The Beatles: Get Back documentary teased by Peter Jackson
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George Harrison released his ninth album, Somewhere in England, in 1981. The album received middling reviews, with Rolling Stone and Uncut awarding it two stars out of five. The album’s first released single in 1981 was rewritten to pay tribute to fellow member of The Beatles, John Lennon, after his death.
George was joined by Paul McCartney and Ringo Starr to write All Those Years Ago in November 1980 for Starr’s new album.
The recording of the song was the first time three members of the Fab Four had worked together since 1970 when the band broke up.
The Beatles split happened shortly after John’s announcement he was leaving the band in 1969. Less than a year later, in 1970, McCartney also announced he was going to make his exit.
George wrote All Those Years Ago and recorded it with Paul and Ringo, but Ringo wasn’t happy with how it sounded and gave it back to George.
On December 8, 1980, John was shot dead in New York City.
Within the following six months, George reworked the already-recorded song and rewrote the lyrics.
This time around, George had his late friend in mind and even included some references to John and his music.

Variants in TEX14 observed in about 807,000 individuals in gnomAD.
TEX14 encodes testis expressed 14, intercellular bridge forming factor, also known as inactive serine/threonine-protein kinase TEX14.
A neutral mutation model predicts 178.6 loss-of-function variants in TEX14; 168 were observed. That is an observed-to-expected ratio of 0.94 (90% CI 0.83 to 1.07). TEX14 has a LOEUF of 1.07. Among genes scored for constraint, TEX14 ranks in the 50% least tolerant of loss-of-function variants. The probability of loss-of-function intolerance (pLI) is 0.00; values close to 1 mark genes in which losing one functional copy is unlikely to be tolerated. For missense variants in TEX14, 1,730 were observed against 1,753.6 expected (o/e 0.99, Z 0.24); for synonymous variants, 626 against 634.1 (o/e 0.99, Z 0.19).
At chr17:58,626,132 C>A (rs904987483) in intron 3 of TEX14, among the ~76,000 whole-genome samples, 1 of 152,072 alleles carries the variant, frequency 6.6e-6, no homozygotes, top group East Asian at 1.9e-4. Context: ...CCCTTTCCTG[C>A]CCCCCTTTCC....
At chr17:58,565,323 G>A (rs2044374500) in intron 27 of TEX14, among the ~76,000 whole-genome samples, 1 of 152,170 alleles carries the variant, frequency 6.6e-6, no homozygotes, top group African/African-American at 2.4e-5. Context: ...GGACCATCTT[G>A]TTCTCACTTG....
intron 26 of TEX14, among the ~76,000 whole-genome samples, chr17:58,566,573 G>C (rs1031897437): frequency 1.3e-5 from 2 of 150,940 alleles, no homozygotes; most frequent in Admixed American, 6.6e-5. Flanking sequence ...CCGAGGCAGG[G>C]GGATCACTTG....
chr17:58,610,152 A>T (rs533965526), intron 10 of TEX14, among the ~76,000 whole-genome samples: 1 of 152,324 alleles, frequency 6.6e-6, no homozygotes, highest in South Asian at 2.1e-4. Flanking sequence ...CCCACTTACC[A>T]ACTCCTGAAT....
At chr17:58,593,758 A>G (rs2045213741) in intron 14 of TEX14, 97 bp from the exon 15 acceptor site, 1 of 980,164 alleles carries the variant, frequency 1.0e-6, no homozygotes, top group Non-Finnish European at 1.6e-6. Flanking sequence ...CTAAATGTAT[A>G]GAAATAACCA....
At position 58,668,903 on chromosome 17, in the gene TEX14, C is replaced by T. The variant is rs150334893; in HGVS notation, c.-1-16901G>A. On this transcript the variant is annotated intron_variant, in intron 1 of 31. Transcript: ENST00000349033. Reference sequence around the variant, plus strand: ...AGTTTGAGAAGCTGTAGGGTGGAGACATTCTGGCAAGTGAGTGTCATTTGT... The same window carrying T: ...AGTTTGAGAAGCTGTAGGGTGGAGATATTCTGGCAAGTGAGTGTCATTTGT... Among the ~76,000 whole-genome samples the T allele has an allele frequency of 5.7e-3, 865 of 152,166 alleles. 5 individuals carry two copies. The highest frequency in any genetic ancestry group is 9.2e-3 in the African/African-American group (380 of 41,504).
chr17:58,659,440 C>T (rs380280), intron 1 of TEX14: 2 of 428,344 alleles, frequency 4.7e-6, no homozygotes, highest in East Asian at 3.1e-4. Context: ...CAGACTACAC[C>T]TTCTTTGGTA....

First was a reference to The Beatles’ song All You Need Is Love. All Those Years Ago went: “But you point the way to the truth when you say / All you need is love.”
George then gave a touching tip-of-the-cap to John’s runaway hit Imagine, which he recorded and released with his wife, Yoko Ono, and the Plastic Ono Band.
The song plays: “And you were the one they backed up to the wall / All those years ago / You were the one who imagined it all / All those years ago.”
After John’s death George spoke candidly about losing his close friend.
Speaking on a TV interview in 1990, George revealed: “I hadn’t seen him for so long. I didn’t see him for two years anyway, occasionally [I’d] maybe send a postcard, and it’s knowing that he’s on the other end of the telephone if you do want to call.”
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George went on: “That’s the difference. Now you need the big cosmic telephone to speak to him.
“But I believe that life goes on, and so to me, I can’t get sad.
“I’m sad that I can’t go play guitars with John but then I did that, anyway. I did that for a long time. So, we’ll meet again somewhere down the line.”
John was murdered by Mark David Chapman, who shot the singer in the archway at The Dakota, his home, in New York.
Earlier that day, Chapman had met Lennon and asked him to sign his copy of the album Double Fantasy while he was on his way to a recording session.
Chapman remained outside The Dakota in wait for the singer.
When John returned, Chapman shot five hollow-point bullets at him, four of which hit him in the back.
John was later pronounced dead on arrival at Roosevelt Hospital aged 40-years-old.
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